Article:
Structure for discrimination against bridges upheld by state
By Eric Heyl
Published: Wednesday, Aug. 7, 2013
The problem is shameful, and addressing it could save Pennsylvania billions of dollars.
So why isn't anyone doing something to combat bridge discrimination?
The question is particularly vexing here in the Keystone State, which has more than 25,000 state-owned bridges — the third-highest total in the nation. Perhaps it's because they are stationary and can't make it to meetings to discuss forming an advocacy group.
They could use one, though. Bridges need someone to champion their cause, especially after the discriminatory din against them hit its zenith recently in the General Assembly's chambers.
Legislators debated a measure that would have provided at least $2.5 billion annually to combat a so-called infrastructure crisis. According to lawmakers and their deleterious allies at PennDOT, the crisis' primary culprit was — you guessed it — bridges.
The spans could be forgiven if they busted a few rivets in anger. The prejudicial pejoratives hurled their way were despicable:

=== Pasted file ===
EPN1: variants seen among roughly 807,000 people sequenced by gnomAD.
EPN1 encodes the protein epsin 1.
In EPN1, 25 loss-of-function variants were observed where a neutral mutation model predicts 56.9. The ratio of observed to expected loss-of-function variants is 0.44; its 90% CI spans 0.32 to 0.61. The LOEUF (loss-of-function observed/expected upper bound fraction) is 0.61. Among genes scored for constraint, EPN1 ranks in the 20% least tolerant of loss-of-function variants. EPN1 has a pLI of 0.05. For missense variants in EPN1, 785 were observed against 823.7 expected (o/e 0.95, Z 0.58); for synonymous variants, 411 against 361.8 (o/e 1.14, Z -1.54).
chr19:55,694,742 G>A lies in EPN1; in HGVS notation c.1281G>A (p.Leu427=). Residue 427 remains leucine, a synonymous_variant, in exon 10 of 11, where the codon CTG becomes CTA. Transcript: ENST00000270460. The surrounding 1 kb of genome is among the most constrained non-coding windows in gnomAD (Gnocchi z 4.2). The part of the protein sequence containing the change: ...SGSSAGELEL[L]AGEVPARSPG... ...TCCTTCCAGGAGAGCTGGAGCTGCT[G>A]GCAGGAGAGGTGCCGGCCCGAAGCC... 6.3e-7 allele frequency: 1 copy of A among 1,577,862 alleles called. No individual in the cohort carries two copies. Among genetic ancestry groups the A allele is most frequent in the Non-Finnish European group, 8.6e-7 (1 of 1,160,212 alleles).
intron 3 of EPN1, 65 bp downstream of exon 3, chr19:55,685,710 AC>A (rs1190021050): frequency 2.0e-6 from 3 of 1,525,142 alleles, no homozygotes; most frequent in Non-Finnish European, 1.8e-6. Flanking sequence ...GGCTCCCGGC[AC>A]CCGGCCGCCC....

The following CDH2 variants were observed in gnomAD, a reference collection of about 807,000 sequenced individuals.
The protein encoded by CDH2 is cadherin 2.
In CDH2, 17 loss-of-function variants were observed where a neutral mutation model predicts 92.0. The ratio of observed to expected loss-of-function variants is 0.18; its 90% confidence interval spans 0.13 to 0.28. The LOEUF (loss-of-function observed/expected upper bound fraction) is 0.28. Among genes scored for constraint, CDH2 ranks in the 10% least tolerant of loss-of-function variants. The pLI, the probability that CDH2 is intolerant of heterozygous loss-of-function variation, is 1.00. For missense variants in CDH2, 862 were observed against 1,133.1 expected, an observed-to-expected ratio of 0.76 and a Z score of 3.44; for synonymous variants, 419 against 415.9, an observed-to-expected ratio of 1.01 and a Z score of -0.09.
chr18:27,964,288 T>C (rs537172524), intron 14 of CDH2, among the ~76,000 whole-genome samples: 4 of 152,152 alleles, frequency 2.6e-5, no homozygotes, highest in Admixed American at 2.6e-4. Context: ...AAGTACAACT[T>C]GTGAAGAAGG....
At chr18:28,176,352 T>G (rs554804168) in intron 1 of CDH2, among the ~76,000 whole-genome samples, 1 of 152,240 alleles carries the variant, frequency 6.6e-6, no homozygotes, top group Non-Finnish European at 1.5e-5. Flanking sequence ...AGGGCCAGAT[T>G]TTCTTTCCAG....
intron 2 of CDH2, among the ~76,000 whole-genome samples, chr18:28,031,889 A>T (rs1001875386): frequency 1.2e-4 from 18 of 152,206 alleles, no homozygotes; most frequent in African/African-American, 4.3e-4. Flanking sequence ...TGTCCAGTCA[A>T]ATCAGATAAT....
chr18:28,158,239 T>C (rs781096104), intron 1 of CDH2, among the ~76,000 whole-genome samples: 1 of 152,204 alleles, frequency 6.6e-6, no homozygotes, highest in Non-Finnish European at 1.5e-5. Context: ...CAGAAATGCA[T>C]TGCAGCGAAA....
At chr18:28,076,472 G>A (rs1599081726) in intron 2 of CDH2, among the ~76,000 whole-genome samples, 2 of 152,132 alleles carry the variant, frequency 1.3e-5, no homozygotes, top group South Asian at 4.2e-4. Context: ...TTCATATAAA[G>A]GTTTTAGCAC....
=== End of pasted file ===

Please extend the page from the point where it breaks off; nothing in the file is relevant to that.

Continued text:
• Without any compunction, lawmakers criticized the bridges as being too old, because more than half are over age 50.
• They humiliated the bridges for poor physical shape, noting that many are subject to weight restrictions.
• They used a deplorable term that I am repeating here not for sensationalistic purposes or shock value, but to underscore the depth of the discrimination. Particularly sensitive readers might want to skip this sentence: Lawmakers noted that Pennsylvania has the highest number of bridges that are “structurally deficient.”
I long for day when epithets like that no longer are used. Unfortunately, we have a long way to go as a society before that occurs.
Can you imagine anyone making the same insulting observations about older people? Can you imagine hearing:
• “We can't keep putting off the problems with Sylvia. She's over 50 years old, showing obvious signs of deterioration, and we're not sure how much longer she'll be able to remain standing.”
• “Look at Phil, huffing and puffing going up the stairs. He really needs to start watching all the weight he's carrying around on his frame.”
• “You say you need a knee replacement soon or you might come crashing down at some point? Goodness, Mrs. Johnson, you're structurally deficient.”
Any legislator foolish enough to speak so callously to a senior citizen would justifiably incur the wrath of the AARP. The same standards should exist for our bridges.
If we treated them with courtesy and compassion, rather than scorn and derision, think what might happen. If the discriminatory labels vanish — voila! — so does the infrastructure crisis.
We need billions of dollars to fix bridges that are “structurally upright.” We need to spend far less on those that are more kindly labeled “functionally upright.”
Eric Heyl is a Trib Total Media staff writer. Reach him at 412-320-7857 or firstname.lastname@example.org.
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